As spring and summer near, people begin spending more time outdoors. Nice weather will attract children outdoors for play and exploration. This even includes children of tender ages. Sometimes, however, a child of a tender age may make their way onto your property. Sometimes they may do so because they are attracted to an object or condition. This “exploration” may sometimes prove dangerous, or even fatal, to the mischievous child. For instance, a tragic event recently happened in Laurel County, Kentucky. A Laurel County child was found in an above ground swimming pool. The child died from drowning. The swimming pool was easily accessible and seems to have attracted the child.

If your child makes his or her way onto the property of another and is hurt or killed, you should hire an experienced personal injury attorney. You deserve to be compensated for your loss. The personal injury attorneys at Roberts Law Office are here to help during this emotional and stressful process. We will fight hard to ensure that you are adequately compensated for your pain, emotional distress and inconvenience.

The Attractive Nuisance Doctrine

Generally, in Kentucky, as in most states, a property owner does not owe a duty to protect a trespasser on his or her property. The only duty that is owed to the trespasser is to refrain from willful or wanton injury. Nevertheless, several states, including Kentucky, recognize the “attractive nuisance” doctrine. This doctrine is aimed at protecting trespassing children. It envisions children, because of their age, incapable of understanding and/or appreciating certain dangers or risks on the property of others.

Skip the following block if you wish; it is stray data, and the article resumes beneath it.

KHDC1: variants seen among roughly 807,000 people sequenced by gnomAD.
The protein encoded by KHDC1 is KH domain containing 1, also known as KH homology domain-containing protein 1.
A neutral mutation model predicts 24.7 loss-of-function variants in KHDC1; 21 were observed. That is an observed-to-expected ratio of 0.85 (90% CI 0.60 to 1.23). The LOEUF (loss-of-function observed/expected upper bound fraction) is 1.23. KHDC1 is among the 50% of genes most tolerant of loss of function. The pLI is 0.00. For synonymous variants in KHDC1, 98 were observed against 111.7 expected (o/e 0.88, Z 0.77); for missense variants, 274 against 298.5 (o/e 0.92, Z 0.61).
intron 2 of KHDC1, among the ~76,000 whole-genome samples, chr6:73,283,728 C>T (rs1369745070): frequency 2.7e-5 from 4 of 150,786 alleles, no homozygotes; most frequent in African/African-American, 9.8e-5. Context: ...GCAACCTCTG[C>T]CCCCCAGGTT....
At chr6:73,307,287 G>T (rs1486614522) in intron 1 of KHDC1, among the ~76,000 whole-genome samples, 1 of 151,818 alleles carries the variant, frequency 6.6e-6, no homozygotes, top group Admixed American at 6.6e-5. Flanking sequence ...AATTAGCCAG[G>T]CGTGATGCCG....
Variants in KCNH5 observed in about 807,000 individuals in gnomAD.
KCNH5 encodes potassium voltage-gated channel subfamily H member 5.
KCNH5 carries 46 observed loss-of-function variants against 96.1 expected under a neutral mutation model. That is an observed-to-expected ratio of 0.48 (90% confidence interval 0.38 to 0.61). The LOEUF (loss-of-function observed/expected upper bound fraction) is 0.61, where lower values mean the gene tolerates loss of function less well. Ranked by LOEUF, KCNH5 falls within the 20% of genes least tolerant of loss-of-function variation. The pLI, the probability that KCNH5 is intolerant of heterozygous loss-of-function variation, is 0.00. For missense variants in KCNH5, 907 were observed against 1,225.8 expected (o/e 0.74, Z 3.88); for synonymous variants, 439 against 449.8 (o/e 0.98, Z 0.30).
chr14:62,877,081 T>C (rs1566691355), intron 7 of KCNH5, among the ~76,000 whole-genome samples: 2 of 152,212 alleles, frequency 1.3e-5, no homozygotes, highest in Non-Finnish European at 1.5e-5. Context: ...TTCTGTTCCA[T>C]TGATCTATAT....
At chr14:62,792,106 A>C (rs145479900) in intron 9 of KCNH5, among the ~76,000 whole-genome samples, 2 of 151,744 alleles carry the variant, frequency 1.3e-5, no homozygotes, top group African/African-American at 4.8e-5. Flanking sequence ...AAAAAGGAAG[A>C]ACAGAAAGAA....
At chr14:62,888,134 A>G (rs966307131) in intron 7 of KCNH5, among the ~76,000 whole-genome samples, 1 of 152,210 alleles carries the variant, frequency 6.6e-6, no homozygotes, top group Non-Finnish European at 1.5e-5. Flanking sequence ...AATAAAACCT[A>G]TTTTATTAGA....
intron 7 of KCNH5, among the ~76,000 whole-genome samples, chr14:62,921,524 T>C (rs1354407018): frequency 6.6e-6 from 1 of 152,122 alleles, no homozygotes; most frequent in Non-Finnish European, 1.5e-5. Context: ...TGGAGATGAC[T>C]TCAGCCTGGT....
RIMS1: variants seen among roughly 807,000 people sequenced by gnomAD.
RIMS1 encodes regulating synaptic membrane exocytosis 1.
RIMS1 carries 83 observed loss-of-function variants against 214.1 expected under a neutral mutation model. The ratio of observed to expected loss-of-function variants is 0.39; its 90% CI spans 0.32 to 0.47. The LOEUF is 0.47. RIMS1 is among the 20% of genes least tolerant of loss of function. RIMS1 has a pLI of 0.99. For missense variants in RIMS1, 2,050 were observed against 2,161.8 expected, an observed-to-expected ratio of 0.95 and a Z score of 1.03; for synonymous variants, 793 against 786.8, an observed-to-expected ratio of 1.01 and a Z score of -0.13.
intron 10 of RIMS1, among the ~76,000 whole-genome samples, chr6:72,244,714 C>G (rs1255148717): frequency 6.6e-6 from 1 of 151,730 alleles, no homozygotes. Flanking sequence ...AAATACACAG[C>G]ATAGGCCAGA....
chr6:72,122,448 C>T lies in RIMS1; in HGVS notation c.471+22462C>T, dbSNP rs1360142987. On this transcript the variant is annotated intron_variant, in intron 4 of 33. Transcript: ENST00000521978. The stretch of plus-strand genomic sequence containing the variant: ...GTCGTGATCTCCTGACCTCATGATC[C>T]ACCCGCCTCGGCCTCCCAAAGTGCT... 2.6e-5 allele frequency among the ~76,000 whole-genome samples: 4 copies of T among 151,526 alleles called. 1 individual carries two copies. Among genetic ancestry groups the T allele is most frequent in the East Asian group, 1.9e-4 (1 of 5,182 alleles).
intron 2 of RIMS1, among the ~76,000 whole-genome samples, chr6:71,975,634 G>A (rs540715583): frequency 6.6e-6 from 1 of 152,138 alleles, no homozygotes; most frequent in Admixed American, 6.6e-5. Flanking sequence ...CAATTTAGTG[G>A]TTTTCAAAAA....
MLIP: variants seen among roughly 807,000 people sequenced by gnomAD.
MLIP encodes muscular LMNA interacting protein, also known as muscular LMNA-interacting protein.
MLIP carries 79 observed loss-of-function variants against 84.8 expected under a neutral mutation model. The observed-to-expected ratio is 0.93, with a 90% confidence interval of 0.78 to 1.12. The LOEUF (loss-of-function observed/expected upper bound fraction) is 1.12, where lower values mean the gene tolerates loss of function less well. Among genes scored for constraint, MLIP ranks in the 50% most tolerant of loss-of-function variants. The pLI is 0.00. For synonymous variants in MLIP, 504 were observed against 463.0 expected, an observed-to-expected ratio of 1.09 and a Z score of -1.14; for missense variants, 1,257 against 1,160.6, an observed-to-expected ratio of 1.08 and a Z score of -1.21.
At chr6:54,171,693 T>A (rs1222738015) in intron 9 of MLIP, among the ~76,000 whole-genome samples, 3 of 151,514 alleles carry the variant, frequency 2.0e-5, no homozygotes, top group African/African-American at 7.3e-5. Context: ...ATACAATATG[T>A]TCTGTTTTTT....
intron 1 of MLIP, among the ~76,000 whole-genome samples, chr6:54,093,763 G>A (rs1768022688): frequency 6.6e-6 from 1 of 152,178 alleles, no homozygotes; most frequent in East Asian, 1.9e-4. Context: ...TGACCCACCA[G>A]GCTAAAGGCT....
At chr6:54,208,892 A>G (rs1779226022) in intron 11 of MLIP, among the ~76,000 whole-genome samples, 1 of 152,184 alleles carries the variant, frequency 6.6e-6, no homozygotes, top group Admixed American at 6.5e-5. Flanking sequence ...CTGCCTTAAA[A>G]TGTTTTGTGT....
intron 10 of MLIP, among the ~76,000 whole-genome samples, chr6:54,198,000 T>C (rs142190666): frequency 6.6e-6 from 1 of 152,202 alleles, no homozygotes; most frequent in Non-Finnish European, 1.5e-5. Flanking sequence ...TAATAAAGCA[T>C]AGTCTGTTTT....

The attractive nuisance doctrine holds property owners liable for any injury to trespassing children if the injury was caused by any hazardous object or condition on the property. The dangerous condition or object must be “attractive to curious children” who are unable to understand or appreciate the risks involved with the condition or object. For example, as in the case above, a property owner may be held liable for a child’s injuries caused by an unguarded swimming pool. Thus, the attractive nuisance doctrine requires property owners to exercise reasonable care to safeguard children from certain dangerous conditions or objects on their property.

If your child is injured from a dangerous condition or object on another’s property, and if you are planning on filing a claim, you must prove the following specific elements under the attractive nuisance doctrine:

  • That a dangerous condition or instrumentality existed on one’s property that could cause injury;
  • That said dangerous condition or instrumentality was attractive or enticing to children of a tender age;
  • That, because of his or her age, the injured child could not comprehend the danger involved;
  • That the dangerous object or condition was not reasonably safeguarded at a location where young children were known, or reasonably should have been known, to trespass; and
  • That making the dangerous object or condition safe would be reasonably practicable without affecting its utility.

Hire an Attorney for your Case

If your child ventured onto one’s property and sustained injury due to a purported attractive nuisance, you may have a claim. It is imperative that you hire an experienced personal injury attorney. Doing so will greatly increase your odds of adequate compensating for injuries or loss. The attorneys at Roberts Law Office are here to help. We are Kentucky attorneys and we offer FREE consultations. You will not owe us anything unless we recover money on your case. We encourage you to give us a call or submit a form on our contact page.